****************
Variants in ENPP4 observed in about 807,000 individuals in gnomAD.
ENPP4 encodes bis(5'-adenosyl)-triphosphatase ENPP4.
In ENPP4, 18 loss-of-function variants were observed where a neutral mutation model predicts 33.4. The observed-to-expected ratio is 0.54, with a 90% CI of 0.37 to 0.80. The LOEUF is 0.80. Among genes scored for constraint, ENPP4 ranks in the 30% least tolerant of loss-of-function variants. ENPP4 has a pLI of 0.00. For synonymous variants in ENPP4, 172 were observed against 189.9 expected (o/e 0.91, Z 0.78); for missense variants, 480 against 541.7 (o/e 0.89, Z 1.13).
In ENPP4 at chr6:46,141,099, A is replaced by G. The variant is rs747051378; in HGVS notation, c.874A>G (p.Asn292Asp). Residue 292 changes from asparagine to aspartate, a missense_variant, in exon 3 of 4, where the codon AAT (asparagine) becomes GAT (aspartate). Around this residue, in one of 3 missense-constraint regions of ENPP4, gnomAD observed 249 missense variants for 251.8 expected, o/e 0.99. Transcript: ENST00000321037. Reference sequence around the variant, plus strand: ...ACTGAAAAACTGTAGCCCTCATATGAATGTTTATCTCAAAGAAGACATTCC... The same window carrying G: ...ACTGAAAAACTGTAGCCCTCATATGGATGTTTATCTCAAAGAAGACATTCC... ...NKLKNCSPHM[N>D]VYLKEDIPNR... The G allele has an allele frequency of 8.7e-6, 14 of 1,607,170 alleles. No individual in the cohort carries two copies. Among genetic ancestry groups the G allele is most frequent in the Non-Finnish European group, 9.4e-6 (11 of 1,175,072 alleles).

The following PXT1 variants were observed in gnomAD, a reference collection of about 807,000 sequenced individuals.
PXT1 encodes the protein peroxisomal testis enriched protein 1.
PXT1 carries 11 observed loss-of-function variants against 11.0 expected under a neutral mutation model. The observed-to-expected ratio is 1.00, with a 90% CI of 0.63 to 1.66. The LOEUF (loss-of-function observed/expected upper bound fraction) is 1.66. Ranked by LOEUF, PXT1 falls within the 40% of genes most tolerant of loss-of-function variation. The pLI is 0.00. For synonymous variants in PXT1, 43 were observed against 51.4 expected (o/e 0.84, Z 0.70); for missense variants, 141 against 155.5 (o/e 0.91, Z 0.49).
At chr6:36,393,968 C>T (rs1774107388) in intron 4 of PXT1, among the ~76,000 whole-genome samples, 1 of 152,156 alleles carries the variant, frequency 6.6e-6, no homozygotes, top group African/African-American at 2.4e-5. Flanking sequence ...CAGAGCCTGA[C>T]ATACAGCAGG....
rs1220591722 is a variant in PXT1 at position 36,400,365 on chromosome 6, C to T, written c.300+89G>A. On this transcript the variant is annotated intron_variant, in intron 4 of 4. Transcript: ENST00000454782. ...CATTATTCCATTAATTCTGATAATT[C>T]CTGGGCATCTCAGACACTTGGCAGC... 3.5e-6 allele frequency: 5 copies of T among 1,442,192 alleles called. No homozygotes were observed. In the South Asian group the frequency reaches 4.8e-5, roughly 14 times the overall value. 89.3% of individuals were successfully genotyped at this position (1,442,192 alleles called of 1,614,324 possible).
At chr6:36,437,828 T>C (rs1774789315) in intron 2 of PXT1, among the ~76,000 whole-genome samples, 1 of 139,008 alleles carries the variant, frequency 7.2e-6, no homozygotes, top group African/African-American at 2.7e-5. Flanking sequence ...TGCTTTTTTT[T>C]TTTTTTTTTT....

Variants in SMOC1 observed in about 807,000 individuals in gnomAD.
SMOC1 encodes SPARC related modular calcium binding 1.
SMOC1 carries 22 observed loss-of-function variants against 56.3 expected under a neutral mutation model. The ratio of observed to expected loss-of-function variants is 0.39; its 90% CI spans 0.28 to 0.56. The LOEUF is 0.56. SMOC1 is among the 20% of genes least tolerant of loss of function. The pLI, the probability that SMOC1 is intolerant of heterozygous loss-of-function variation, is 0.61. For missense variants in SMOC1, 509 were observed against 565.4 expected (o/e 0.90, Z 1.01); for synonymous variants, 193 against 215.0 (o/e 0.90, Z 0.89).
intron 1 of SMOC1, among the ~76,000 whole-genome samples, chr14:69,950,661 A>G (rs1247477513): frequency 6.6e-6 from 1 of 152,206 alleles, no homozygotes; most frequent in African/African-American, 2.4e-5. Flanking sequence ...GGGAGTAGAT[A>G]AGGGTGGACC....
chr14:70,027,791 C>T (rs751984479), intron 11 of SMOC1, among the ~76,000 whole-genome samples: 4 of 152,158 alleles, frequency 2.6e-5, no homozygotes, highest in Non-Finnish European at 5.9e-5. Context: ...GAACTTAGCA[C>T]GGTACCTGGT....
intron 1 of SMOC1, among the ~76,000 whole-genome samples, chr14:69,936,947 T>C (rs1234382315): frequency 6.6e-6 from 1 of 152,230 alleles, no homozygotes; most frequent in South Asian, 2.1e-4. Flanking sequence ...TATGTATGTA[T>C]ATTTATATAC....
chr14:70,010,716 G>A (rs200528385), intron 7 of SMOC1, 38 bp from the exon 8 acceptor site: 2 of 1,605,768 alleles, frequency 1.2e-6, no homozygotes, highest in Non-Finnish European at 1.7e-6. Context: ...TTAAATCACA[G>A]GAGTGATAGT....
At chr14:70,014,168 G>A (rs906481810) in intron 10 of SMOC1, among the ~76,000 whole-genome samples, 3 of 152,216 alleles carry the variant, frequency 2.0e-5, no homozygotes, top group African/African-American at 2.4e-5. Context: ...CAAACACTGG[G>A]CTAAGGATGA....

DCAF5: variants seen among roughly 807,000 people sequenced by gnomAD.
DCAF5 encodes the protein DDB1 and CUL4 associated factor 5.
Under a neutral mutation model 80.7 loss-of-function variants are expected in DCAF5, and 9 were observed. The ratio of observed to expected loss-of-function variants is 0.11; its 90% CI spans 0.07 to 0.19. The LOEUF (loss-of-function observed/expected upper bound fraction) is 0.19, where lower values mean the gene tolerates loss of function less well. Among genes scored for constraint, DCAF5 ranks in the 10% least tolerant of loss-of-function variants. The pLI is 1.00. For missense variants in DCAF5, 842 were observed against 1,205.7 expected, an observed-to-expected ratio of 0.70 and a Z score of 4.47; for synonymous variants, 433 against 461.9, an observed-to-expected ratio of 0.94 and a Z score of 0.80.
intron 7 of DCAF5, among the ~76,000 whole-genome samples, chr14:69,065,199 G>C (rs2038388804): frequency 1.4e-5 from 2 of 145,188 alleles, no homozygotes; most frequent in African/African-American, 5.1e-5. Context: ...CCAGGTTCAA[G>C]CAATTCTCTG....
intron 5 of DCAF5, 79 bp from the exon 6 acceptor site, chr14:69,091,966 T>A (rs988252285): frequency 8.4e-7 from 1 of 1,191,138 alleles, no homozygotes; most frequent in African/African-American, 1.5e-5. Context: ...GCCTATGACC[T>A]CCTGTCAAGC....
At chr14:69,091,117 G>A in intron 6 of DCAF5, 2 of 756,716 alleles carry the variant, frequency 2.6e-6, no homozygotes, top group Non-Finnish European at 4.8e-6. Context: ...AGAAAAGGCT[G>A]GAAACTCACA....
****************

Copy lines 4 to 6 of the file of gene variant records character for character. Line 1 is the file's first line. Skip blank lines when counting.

In ENPP4 at chr6:46,141,099, A is replaced by G. The variant is rs747051378; in HGVS notation, c.874A>G (p.Asn292Asp). Residue 292 changes from asparagine to aspartate, a missense_variant, in exon 3 of 4, where the codon AAT (asparagine) becomes GAT (aspartate). Around this residue, in one of 3 missense-constraint regions of ENPP4, gnomAD observed 249 missense variants for 251.8 expected, o/e 0.99. Transcript: ENST00000321037. Reference sequence around the variant, plus strand: ...ACTGAAAAACTGTAGCCCTCATATGAATGTTTATCTCAAAGAAGACATTCC... The same window carrying G: ...ACTGAAAAACTGTAGCCCTCATATGGATGTTTATCTCAAAGAAGACATTCC... ...NKLKNCSPHM[N>D]VYLKEDIPNR... The G allele has an allele frequency of 8.7e-6, 14 of 1,607,170 alleles. No individual in the cohort carries two copies. Among genetic ancestry groups the G allele is most frequent in the Non-Finnish European group, 9.4e-6 (11 of 1,175,072 alleles).

The following PXT1 variants were observed in gnomAD, a reference collection of about 807,000 sequenced individuals.
PXT1 encodes the protein peroxisomal testis enriched protein 1.